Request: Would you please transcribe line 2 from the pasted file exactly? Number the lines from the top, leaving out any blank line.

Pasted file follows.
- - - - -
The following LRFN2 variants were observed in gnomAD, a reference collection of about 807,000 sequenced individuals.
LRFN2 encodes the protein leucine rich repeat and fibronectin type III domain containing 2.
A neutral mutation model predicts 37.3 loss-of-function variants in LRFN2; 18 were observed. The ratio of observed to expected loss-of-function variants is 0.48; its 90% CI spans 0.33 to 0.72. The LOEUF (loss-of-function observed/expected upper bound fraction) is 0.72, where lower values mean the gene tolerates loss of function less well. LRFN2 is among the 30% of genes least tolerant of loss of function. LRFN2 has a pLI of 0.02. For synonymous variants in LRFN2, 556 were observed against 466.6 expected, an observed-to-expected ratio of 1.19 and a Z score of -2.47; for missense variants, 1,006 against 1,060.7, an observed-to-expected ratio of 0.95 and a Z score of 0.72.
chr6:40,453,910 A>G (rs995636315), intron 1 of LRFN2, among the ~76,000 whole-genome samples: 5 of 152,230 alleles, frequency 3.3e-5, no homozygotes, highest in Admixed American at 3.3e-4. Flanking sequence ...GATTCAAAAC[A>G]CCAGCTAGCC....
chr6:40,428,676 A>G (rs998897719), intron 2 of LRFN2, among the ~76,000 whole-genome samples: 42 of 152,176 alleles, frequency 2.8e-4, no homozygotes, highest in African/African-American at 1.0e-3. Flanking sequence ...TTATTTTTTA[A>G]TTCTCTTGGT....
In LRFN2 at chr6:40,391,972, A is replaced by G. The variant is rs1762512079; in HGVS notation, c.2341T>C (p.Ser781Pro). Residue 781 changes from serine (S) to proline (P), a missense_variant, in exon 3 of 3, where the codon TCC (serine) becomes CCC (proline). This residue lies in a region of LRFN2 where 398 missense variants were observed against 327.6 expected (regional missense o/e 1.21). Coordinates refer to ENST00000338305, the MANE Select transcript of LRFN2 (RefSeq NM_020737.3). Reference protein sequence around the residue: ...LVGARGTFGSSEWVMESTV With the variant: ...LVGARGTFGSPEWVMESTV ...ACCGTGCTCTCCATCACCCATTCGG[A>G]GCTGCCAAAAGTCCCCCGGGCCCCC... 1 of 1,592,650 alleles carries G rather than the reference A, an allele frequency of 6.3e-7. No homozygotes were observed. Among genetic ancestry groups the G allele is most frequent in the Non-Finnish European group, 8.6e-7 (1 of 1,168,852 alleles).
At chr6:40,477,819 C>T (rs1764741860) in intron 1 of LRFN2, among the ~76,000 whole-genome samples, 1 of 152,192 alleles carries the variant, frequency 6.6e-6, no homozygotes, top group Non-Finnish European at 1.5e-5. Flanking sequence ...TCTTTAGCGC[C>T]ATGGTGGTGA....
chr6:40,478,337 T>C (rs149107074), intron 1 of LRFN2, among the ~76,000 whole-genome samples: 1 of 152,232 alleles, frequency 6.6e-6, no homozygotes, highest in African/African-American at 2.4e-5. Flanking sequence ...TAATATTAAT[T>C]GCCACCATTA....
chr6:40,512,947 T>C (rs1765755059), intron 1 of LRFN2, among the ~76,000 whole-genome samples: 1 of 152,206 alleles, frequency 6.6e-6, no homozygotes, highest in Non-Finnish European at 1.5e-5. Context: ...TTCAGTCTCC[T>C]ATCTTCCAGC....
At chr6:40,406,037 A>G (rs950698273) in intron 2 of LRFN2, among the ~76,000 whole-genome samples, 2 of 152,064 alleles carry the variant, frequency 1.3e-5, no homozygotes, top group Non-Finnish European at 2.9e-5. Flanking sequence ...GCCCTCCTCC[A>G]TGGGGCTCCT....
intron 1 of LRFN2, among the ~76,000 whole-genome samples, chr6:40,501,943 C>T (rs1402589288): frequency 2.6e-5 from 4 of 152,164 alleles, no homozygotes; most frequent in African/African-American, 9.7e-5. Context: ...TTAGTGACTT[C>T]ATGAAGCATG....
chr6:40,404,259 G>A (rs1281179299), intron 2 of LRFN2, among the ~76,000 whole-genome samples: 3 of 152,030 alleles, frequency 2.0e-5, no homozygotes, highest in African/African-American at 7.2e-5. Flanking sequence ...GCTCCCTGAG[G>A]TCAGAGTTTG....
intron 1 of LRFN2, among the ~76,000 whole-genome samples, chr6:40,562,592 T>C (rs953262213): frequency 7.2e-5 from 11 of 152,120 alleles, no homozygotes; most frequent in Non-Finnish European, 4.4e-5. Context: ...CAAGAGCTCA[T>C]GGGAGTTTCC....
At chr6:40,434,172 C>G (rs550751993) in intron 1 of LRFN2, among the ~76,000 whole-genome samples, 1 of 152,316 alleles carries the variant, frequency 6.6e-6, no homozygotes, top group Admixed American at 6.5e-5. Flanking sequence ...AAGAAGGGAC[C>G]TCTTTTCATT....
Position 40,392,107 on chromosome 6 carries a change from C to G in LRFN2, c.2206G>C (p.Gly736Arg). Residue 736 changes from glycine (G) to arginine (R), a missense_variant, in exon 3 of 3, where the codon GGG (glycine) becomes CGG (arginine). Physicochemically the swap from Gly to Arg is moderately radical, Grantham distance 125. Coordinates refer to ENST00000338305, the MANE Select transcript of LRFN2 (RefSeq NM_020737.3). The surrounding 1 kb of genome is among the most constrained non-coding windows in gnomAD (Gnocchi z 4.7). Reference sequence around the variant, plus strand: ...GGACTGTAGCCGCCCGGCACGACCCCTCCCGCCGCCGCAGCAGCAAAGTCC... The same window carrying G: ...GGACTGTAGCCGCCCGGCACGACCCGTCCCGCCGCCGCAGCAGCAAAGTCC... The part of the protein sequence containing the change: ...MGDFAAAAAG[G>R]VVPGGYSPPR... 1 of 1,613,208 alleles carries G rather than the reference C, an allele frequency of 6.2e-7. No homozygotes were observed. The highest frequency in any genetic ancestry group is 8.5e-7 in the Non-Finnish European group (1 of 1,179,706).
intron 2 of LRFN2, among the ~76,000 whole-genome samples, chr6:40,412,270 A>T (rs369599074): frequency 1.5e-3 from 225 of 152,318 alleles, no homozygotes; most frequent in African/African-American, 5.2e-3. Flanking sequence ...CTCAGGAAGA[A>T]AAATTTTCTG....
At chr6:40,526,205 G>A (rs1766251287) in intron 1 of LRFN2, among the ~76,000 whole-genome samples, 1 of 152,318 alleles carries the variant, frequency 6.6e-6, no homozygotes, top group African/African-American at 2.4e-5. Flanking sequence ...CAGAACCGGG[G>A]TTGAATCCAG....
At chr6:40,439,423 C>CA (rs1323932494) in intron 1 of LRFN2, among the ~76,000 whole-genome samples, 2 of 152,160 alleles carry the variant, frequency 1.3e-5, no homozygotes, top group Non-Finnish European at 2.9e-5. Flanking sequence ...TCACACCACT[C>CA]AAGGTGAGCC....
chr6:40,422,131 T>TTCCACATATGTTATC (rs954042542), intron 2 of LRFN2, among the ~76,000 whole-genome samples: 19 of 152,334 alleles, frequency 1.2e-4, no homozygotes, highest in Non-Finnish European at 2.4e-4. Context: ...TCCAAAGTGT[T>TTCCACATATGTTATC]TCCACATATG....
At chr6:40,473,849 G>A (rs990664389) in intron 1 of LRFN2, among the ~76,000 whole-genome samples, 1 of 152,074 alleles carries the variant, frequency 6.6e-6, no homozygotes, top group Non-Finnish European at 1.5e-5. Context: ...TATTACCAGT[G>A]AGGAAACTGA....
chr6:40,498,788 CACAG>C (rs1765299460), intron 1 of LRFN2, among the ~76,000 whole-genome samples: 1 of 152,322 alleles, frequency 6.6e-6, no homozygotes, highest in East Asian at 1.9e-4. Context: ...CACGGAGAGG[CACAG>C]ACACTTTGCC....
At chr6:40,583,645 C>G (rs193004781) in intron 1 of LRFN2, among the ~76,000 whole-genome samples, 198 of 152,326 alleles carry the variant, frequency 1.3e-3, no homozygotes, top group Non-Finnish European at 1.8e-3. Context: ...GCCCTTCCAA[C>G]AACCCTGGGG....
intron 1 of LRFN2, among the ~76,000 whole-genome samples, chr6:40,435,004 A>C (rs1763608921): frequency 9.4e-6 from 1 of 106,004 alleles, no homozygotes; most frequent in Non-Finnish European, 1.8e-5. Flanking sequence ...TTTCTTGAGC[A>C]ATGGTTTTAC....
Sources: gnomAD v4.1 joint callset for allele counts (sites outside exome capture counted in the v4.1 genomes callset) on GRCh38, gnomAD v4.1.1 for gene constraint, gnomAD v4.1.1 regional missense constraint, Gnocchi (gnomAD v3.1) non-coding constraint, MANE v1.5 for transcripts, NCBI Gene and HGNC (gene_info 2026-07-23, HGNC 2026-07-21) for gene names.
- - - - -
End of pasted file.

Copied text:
LRFN2 encodes the protein leucine rich repeat and fibronectin type III domain containing 2.